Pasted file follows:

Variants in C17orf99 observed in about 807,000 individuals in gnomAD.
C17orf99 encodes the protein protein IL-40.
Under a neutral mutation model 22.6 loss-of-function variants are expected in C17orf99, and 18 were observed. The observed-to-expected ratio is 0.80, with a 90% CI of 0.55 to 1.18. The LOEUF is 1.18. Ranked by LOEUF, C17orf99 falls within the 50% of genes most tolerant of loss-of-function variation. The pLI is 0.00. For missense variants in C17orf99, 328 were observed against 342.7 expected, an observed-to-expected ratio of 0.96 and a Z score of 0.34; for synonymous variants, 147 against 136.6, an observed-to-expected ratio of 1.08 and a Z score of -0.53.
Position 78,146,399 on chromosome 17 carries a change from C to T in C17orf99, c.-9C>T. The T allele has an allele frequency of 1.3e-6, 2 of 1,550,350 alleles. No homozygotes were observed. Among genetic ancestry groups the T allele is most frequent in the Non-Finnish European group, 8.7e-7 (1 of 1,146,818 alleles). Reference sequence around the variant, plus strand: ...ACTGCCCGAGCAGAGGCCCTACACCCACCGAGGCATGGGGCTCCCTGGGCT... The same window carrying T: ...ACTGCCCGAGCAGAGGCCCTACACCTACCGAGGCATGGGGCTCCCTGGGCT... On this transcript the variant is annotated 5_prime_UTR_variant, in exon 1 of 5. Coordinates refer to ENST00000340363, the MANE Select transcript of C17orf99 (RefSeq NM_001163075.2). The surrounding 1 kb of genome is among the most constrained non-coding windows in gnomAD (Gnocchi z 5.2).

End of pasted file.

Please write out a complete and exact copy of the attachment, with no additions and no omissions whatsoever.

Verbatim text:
Variants in C17orf99 observed in about 807,000 individuals in gnomAD.
C17orf99 encodes the protein protein IL-40.
Under a neutral mutation model 22.6 loss-of-function variants are expected in C17orf99, and 18 were observed. The observed-to-expected ratio is 0.80, with a 90% CI of 0.55 to 1.18. The LOEUF is 1.18. Ranked by LOEUF, C17orf99 falls within the 50% of genes most tolerant of loss-of-function variation. The pLI is 0.00. For missense variants in C17orf99, 328 were observed against 342.7 expected, an observed-to-expected ratio of 0.96 and a Z score of 0.34; for synonymous variants, 147 against 136.6, an observed-to-expected ratio of 1.08 and a Z score of -0.53.
Position 78,146,399 on chromosome 17 carries a change from C to T in C17orf99, c.-9C>T. The T allele has an allele frequency of 1.3e-6, 2 of 1,550,350 alleles. No homozygotes were observed. Among genetic ancestry groups the T allele is most frequent in the Non-Finnish European group, 8.7e-7 (1 of 1,146,818 alleles). Reference sequence around the variant, plus strand: ...ACTGCCCGAGCAGAGGCCCTACACCCACCGAGGCATGGGGCTCCCTGGGCT... The same window carrying T: ...ACTGCCCGAGCAGAGGCCCTACACCTACCGAGGCATGGGGCTCCCTGGGCT... On this transcript the variant is annotated 5_prime_UTR_variant, in exon 1 of 5. Coordinates refer to ENST00000340363, the MANE Select transcript of C17orf99 (RefSeq NM_001163075.2). The surrounding 1 kb of genome is among the most constrained non-coding windows in gnomAD (Gnocchi z 5.2).